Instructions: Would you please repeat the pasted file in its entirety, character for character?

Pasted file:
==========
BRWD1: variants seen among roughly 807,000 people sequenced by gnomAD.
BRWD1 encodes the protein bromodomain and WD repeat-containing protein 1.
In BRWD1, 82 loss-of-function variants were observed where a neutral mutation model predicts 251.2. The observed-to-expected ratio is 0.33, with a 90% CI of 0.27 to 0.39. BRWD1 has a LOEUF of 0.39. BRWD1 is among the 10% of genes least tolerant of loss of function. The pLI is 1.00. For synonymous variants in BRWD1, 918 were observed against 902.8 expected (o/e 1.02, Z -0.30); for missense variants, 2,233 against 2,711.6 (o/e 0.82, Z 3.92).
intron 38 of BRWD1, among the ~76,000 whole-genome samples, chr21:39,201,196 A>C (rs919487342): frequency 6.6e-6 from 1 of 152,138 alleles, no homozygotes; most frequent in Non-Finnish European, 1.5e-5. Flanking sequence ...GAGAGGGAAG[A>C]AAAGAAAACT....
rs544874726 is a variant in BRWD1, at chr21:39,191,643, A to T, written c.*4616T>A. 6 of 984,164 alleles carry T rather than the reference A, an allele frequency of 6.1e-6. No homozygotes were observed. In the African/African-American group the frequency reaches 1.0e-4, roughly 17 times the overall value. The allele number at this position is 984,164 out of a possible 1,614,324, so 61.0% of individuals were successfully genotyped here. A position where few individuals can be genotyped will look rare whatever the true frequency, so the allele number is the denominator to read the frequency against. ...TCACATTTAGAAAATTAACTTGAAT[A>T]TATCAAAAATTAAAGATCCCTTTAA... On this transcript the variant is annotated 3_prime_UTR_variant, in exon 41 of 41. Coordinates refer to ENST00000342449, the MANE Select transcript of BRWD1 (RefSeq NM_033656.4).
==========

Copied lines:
BRWD1: variants seen among roughly 807,000 people sequenced by gnomAD.
BRWD1 encodes the protein bromodomain and WD repeat-containing protein 1.
In BRWD1, 82 loss-of-function variants were observed where a neutral mutation model predicts 251.2. The observed-to-expected ratio is 0.33, with a 90% CI of 0.27 to 0.39. BRWD1 has a LOEUF of 0.39. BRWD1 is among the 10% of genes least tolerant of loss of function. The pLI is 1.00. For synonymous variants in BRWD1, 918 were observed against 902.8 expected (o/e 1.02, Z -0.30); for missense variants, 2,233 against 2,711.6 (o/e 0.82, Z 3.92).
intron 38 of BRWD1, among the ~76,000 whole-genome samples, chr21:39,201,196 A>C (rs919487342): frequency 6.6e-6 from 1 of 152,138 alleles, no homozygotes; most frequent in Non-Finnish European, 1.5e-5. Flanking sequence ...GAGAGGGAAG[A>C]AAAGAAAACT....
rs544874726 is a variant in BRWD1, at chr21:39,191,643, A to T, written c.*4616T>A. 6 of 984,164 alleles carry T rather than the reference A, an allele frequency of 6.1e-6. No homozygotes were observed. In the African/African-American group the frequency reaches 1.0e-4, roughly 17 times the overall value. The allele number at this position is 984,164 out of a possible 1,614,324, so 61.0% of individuals were successfully genotyped here. A position where few individuals can be genotyped will look rare whatever the true frequency, so the allele number is the denominator to read the frequency against. ...TCACATTTAGAAAATTAACTTGAAT[A>T]TATCAAAAATTAAAGATCCCTTTAA... On this transcript the variant is annotated 3_prime_UTR_variant, in exon 41 of 41. Coordinates refer to ENST00000342449, the MANE Select transcript of BRWD1 (RefSeq NM_033656.4).